The defense attorney said, “It is our position as the president’s counsel that the president was at all times acting under his constitutional authority, under his legal authority, in our national interest and pursuant to his oath of office. Asking a foreign leader to get to the bottom of issues of corruption is not a violation of an oath.”Read more
The President's impeachment legal defense team took a very different tactic that seemed more effective than the repetitive histrionics of the House managers led by Rep. Adam Schiff.
The White House team also displayed quick-cut video presentations on the Senate’s overhead screens, turning soundbites from key players in the impeachment case into fast-snapping clips. It all seemed to command the attention of senators, likely a welcome change of pace for those who had grown tired of the prosecution’s long and often repetitive presentations.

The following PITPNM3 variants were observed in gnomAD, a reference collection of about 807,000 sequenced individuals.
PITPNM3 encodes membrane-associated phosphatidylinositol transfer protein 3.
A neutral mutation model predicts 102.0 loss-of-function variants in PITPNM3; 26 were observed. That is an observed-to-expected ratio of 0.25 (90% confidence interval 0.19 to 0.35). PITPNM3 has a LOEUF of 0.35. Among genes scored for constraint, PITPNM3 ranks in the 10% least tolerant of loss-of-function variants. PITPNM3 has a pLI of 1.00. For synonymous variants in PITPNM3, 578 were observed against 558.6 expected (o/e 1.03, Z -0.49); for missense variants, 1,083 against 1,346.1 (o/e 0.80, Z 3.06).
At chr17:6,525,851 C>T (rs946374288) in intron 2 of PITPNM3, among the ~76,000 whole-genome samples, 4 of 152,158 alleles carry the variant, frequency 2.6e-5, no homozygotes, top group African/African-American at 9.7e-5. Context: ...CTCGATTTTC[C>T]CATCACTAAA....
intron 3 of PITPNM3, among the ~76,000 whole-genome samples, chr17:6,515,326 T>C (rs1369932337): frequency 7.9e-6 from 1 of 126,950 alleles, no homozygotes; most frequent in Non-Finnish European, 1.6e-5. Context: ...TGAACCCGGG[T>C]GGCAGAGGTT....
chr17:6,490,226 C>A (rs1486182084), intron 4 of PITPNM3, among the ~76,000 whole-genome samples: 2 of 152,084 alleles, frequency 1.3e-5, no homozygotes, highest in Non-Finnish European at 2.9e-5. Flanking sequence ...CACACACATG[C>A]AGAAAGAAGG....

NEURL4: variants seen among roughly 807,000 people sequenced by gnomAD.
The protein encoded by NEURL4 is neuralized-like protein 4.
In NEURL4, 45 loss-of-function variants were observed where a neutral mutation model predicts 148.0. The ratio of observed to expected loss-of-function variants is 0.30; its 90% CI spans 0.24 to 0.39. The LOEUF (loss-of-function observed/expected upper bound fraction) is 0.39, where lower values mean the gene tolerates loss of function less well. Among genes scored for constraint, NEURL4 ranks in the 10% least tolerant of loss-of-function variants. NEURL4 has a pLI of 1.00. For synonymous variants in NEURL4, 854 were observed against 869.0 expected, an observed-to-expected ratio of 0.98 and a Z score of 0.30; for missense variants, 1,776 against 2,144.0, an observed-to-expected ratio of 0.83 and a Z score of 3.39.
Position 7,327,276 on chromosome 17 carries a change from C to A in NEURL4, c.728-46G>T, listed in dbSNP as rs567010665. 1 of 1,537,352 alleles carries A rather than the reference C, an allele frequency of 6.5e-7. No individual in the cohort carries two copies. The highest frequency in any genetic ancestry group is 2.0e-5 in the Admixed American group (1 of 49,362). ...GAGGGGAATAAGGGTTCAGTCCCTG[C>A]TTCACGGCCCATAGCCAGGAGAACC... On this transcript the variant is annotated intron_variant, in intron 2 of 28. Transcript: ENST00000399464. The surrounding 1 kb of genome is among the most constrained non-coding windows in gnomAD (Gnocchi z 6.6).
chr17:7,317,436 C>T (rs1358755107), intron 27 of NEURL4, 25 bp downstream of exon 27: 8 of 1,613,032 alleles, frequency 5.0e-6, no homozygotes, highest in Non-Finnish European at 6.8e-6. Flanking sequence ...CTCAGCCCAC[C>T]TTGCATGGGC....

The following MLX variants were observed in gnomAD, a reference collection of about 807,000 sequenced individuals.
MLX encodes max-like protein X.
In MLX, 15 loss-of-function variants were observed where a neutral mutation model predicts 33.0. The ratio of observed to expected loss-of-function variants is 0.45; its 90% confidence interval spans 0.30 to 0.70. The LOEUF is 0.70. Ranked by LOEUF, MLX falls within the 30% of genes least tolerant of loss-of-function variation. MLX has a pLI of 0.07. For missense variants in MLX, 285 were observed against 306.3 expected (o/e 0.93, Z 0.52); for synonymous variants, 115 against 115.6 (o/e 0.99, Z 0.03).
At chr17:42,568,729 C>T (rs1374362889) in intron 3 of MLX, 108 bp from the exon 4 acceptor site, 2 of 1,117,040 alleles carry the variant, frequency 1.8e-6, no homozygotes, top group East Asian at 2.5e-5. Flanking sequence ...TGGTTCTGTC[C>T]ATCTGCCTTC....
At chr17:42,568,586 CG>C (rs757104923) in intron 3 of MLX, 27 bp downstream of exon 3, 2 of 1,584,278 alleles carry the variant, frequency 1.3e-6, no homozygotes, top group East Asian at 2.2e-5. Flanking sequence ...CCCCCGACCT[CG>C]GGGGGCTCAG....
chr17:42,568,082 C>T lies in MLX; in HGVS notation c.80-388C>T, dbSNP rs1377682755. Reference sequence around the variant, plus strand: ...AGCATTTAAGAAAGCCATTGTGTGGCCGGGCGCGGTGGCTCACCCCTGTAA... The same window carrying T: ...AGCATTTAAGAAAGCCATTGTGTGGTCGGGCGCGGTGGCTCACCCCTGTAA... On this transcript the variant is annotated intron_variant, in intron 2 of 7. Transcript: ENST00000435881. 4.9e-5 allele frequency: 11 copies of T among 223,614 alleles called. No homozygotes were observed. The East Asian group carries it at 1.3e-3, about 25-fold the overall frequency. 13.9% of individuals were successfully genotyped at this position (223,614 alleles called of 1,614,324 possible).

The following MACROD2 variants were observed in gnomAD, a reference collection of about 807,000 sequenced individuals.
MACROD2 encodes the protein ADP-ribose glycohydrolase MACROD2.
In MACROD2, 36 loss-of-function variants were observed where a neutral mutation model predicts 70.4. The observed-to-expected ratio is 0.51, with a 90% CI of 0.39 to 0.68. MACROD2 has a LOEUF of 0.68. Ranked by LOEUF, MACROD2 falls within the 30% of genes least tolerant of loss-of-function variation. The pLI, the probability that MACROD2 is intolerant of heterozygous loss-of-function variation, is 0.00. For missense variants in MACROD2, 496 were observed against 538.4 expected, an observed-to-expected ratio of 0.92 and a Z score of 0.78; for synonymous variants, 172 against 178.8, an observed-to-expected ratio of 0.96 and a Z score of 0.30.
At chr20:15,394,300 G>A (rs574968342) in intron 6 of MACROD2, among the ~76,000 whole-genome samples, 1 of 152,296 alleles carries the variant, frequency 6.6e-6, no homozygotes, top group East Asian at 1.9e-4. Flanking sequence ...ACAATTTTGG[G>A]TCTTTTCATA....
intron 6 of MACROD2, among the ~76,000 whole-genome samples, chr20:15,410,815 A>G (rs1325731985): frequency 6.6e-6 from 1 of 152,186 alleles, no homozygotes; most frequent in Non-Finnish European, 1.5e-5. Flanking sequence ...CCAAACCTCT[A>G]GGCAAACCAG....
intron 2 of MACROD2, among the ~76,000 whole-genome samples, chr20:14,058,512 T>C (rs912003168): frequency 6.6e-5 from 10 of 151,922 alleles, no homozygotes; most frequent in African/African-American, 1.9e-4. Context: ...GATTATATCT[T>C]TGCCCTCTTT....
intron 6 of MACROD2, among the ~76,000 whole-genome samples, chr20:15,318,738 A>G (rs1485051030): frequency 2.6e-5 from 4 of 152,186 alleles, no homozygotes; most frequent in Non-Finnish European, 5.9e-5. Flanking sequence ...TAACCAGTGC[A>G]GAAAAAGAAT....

Trump lawyer Jay Sekulow gave his word to the senators, “We’re not going to play the same clips seven times.” That prompted smiles from some senators.Read more
We have selected some House Republicans' tweets to respond to lead Democrat impeachment manager Rep. Adam Schiff’s presentation today.Read more
Senate Leader Mitch McConnell and Republican House Leader Kevin McCarthy had strong and swift reactions to Speaker Pelosi finally sending over the articles of impeachment.
On the delay, Leader McCarthy said:
Instead of sending the articles of impeachment to the Senate for trial, Speaker Pelosi held them hostage in a failed play to gain leverage that she did not — and would never — have…